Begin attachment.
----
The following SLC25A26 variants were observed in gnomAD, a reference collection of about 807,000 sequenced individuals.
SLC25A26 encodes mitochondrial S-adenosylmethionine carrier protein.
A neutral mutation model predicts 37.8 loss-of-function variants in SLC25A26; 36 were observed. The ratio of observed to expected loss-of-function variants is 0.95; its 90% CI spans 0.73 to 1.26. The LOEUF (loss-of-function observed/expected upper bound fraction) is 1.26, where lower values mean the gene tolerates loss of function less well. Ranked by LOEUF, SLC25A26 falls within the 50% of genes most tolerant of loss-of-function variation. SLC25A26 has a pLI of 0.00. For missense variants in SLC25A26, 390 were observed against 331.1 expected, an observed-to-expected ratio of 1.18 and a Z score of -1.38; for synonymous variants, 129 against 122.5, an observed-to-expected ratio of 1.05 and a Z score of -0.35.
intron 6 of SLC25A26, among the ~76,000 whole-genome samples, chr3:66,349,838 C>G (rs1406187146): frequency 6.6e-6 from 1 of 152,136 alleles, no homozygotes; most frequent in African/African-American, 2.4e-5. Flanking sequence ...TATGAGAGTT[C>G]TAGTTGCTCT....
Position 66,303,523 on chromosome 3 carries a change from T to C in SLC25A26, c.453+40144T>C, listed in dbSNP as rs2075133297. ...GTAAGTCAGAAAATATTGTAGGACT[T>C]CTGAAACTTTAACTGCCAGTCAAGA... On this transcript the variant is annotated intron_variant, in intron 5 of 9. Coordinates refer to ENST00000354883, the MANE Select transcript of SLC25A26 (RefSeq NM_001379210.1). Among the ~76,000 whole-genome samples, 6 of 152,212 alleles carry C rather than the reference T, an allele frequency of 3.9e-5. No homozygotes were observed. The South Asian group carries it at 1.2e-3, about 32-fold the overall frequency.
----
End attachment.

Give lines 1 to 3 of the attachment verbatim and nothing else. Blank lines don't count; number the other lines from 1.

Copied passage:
The following SLC25A26 variants were observed in gnomAD, a reference collection of about 807,000 sequenced individuals.
SLC25A26 encodes mitochondrial S-adenosylmethionine carrier protein.
A neutral mutation model predicts 37.8 loss-of-function variants in SLC25A26; 36 were observed. The ratio of observed to expected loss-of-function variants is 0.95; its 90% CI spans 0.73 to 1.26. The LOEUF (loss-of-function observed/expected upper bound fraction) is 1.26, where lower values mean the gene tolerates loss of function less well. Ranked by LOEUF, SLC25A26 falls within the 50% of genes most tolerant of loss-of-function variation. SLC25A26 has a pLI of 0.00. For missense variants in SLC25A26, 390 were observed against 331.1 expected, an observed-to-expected ratio of 1.18 and a Z score of -1.38; for synonymous variants, 129 against 122.5, an observed-to-expected ratio of 1.05 and a Z score of -0.35.